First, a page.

As an antidote to property acquisition (do not even go there – I have crashed, I am burnt and I will need the scabs to heal over before I can face blogging about it again), I am coaxed out of my pity party to run my first trail half marathon.
Coming off tarmac for the first time is the result of a perfect storm:
- I am a sucker for signing up to races before looking at a route map
- I signed up for this particular event pre-Covid; it was cancelled during the Pandemic, and then cancelled again last November because the risk assessment failed to cover tree felling . This year the event managed to creep up on me with impromptu stealth.
- When I originally signed up, I clearly stopped reading the T’s & C’s after ‘half marathon’ and failed to note the incline(s); I just thought it would be a nice day out.
- Two good friends (GFs) agreed to run this race with me; I trust their judgement and like their company – two good reasons to run.
- One of these GFs has been encouraging me to get my half marathon total up to a count of 60 before I reach the same number in years …the Cardiff Trail Half Marathon promised to be my 60th half marathon and you will need no reminding that the ‘fifty-something’ by-line on this blog is fast reaching its sell-by-date i.e time is running out if I am to make good on this particular gauntlet.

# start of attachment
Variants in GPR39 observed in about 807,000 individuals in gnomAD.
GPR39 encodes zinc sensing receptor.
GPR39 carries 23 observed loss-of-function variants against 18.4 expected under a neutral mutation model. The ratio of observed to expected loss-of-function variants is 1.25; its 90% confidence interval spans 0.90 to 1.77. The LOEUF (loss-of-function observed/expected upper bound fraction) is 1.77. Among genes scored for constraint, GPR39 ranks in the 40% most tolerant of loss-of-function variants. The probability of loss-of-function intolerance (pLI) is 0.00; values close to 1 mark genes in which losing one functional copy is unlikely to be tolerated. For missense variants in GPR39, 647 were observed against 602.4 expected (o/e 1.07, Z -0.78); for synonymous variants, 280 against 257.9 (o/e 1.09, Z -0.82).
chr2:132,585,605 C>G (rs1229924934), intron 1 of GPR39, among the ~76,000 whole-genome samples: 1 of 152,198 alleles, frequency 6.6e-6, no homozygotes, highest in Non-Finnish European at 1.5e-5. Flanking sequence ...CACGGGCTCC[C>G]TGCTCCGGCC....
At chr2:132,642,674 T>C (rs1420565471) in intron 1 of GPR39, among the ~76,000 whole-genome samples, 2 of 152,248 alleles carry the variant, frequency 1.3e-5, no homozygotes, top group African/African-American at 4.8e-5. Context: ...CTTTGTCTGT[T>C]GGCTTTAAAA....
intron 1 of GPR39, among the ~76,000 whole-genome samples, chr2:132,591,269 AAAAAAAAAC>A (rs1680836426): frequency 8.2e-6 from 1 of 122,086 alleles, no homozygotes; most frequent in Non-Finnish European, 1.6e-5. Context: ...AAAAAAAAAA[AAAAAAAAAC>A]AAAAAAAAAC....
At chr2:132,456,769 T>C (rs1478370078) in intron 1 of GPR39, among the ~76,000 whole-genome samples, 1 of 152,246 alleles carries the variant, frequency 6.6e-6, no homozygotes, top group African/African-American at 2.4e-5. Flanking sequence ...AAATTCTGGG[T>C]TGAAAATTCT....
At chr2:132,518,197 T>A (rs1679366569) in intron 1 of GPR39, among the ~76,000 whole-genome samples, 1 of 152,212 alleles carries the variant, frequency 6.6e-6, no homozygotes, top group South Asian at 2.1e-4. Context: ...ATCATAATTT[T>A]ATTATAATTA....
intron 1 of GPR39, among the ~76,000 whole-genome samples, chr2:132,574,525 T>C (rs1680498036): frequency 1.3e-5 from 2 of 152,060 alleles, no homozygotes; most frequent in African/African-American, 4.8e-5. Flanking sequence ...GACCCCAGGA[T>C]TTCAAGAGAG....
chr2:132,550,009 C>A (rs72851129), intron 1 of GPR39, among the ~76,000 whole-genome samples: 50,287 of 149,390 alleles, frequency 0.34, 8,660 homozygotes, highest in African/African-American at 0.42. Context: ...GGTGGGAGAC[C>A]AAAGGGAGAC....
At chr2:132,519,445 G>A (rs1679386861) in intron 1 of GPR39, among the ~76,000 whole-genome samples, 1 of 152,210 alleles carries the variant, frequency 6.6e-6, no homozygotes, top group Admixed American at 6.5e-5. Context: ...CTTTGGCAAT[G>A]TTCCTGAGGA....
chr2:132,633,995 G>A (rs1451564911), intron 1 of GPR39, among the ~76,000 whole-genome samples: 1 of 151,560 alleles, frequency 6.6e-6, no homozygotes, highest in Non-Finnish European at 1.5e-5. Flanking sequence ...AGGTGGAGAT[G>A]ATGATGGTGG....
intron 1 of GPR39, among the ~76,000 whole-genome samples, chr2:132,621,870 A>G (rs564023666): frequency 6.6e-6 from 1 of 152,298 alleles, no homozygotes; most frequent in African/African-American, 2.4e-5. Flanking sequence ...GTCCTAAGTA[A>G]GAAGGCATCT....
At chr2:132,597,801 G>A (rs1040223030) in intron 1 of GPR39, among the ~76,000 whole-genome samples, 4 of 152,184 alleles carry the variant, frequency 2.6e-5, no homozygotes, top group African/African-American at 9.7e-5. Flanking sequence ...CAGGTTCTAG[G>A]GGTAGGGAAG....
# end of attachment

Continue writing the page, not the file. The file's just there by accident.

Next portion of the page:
My boot camp buddies are all veterans of the trail – they scoff at my love of concrete and laugh in my general direction whenever I mention a road race. While I have been crafting shin splints on perfectly manicured B roads and managing to keep my trainers clean, they have been running off-piste ultras, often at night and often accompanied by a rucksack, tent and head torch for good measure. They have not exactly sold the concept to me; if you look at their injury count, most of them seem broken by hill running – but credit is due for their continued addiction. I can judge them for their prejudice against tarmac miles, but I can hardly accuse them of being fair weather runners.
Last Sunday, in a running context I was down to one GF on account of the other one being injured walking up a steep incline on a Geography field trip. As this GF is not a seasoned trail runner, perhaps I should have noted this warning. Hills are clearly dangerous and perhaps not for the novice. I lend him my massage gun and he sends off for a compression sock. He promises to be back with us soon.